# Get x values from y=x function with floating arithmetics

I have a known function:

``````eq = function(x){(4E-11*x^4)-(2E-8*x^3)-(1E-5*x^2)+(0.0132*x)+0.1801}
``````

I want to get x values from known y values. However, because of floating point arithmetics, I cannot use `which` as in this question: How to find the x-value given the y-value from a plot in R.

Is there a way to get the exact x values knowing y, or do I have to go the `approx` way such as suggested in this example predict x values from simple fitting and annoting it in the plot ?

• With numbers that small (looking especially at `4e-11`), you get better precision if you `log` everything. – Gregor Jan 11 at 14:36

Perhaps you could use `uniroot`. Here's a rough solution:

``````# Original function
eq <- function(x){(4E-11*x^4)-(2E-8*x^3)-(1E-5*x^2)+(0.0132*x)+0.1801}

# Find x value corresponding to y value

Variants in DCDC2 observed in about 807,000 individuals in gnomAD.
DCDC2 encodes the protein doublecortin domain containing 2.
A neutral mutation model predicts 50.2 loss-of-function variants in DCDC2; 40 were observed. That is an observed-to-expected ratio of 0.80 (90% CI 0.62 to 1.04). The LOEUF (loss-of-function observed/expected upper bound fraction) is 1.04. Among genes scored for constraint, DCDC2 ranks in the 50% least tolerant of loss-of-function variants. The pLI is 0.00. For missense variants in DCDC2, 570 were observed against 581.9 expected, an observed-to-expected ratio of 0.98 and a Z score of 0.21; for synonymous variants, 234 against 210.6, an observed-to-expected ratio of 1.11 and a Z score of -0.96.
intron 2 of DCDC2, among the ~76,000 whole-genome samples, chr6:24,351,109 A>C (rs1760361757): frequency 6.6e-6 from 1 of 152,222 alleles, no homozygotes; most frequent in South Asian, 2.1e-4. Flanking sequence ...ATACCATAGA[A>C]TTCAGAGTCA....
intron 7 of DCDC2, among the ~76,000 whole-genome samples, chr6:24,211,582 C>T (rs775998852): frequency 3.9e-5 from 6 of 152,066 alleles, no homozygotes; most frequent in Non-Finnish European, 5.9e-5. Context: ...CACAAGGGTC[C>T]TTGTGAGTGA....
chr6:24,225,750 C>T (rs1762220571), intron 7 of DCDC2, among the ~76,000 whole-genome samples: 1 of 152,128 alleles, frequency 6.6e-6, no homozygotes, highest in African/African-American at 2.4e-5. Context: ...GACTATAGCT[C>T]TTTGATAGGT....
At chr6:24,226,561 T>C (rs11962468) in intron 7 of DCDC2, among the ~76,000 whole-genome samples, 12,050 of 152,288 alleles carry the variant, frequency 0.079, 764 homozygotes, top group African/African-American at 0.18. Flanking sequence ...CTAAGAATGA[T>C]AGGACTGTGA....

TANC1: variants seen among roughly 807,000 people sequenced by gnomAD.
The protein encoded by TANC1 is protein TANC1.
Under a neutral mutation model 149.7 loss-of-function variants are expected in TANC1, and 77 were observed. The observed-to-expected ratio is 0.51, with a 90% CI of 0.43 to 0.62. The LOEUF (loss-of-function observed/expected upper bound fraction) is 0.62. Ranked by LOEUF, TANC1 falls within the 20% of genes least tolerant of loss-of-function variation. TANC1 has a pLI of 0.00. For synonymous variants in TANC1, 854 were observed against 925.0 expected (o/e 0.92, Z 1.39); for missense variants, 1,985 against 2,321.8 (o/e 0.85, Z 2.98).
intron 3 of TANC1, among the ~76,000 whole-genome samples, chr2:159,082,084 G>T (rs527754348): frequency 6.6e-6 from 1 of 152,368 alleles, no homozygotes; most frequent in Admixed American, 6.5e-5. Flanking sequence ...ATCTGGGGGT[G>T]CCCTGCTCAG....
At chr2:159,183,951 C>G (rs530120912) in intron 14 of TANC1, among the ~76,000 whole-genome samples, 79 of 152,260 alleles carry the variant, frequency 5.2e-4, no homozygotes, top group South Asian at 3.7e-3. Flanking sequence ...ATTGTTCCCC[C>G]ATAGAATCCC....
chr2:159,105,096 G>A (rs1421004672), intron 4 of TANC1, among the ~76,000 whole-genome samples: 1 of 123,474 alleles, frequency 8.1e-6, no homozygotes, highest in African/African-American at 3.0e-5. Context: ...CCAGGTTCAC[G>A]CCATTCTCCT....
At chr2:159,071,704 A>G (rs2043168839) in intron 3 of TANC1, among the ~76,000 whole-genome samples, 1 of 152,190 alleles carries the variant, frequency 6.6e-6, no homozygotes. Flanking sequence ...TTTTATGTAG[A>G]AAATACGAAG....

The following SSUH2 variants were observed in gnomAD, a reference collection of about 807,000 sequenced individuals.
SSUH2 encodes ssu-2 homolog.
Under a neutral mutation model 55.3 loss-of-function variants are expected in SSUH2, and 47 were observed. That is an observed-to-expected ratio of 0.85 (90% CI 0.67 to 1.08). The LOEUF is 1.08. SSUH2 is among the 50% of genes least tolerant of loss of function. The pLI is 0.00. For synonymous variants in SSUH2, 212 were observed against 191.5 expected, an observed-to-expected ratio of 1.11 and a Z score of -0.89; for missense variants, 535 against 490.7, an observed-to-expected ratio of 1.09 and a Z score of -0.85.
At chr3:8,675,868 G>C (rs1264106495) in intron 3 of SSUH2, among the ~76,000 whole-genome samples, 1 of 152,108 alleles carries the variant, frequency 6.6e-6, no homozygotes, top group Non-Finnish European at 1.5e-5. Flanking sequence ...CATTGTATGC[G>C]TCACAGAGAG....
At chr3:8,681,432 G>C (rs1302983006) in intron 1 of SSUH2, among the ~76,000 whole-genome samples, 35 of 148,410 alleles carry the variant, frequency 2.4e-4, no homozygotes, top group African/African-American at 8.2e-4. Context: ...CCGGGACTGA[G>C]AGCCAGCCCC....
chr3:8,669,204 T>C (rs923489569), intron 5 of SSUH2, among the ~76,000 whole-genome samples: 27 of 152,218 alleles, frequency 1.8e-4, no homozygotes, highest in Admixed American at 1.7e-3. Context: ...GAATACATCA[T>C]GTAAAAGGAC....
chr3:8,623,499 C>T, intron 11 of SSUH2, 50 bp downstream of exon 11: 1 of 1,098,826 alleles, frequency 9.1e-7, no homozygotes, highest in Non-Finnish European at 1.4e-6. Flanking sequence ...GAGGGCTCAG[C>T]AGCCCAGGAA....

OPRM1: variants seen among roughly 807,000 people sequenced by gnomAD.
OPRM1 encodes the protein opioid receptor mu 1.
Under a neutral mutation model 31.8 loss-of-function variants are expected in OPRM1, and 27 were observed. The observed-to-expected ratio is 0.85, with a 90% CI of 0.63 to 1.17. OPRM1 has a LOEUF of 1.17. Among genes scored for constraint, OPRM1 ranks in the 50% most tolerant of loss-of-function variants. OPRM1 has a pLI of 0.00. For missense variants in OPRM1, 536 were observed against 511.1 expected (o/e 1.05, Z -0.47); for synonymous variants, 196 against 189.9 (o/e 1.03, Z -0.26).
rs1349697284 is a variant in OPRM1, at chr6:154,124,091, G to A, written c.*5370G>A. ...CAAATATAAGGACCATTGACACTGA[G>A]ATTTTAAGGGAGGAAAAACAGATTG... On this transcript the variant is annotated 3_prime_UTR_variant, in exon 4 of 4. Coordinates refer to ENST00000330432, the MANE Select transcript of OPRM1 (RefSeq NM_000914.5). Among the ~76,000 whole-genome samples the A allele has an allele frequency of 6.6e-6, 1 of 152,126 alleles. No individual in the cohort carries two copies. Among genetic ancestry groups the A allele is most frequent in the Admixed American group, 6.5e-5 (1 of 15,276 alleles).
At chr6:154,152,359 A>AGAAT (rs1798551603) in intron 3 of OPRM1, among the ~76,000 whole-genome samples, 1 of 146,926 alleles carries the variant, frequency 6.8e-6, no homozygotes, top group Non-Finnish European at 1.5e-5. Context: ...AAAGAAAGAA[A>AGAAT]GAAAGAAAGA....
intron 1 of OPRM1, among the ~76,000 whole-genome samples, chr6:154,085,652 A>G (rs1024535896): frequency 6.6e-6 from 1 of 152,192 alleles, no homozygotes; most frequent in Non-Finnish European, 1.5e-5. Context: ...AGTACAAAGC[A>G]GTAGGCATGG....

find_y <- function(y, lb = 0, ub = 1e6, acc = 1e-3){
uniroot(function(x)eq(x)-y, c(lb, ub), tol = acc)
}
``````

This finds the where `eq(x)-y` is zero. You need to specify the interval to look in (defined by `lb` & `ub`) and also an accuracy (`acc`), although I've added default values for simplicity.

``````# Test the y finding function
find_y(0.3)

# \$`root`
# [1] 9.147868
#
# \$f.root
# [1] -1.330955e-09
#
# \$iter
# [1] 26
#
# \$init.it
# [1] NA
#
# \$estim.prec
# [1] 5e-04
``````

In this output, `root` is the x value corresponding to `y=0.3`. Let's check the result in your original equation:

``````# > eq(9.147868)
# [1] 0.3
``````

An implicit assumption is that there is only one y value corresponding to your x value in the given interval.

• Indeed, I know in the interval I'm working there is only on x per y. Your solution match my needs, thank you ! – EvenStar69 Jan 11 at 14:59
• @EvenStar69 You're welcome! – Lyngbakr Jan 11 at 15:26

A quartic equation can have 0,2, or 4 solutions. If it was me, I would graph the function over a large interval and inspect to get an idea where, if anywhere, there are roots. Then why not simply use gradient descent ? There is a formula that will give an 'exact' solution for any quartic equation- you can find that with the help of google, but... It is highly unlikely that a computer can give an exact solution for many reasons. Two are the floating point issue you meant, but another big issue is that one can't write an 'exact' number for most solutions because an irrational number can only be written in decimal form as an infinite decimal with no repeating pattern.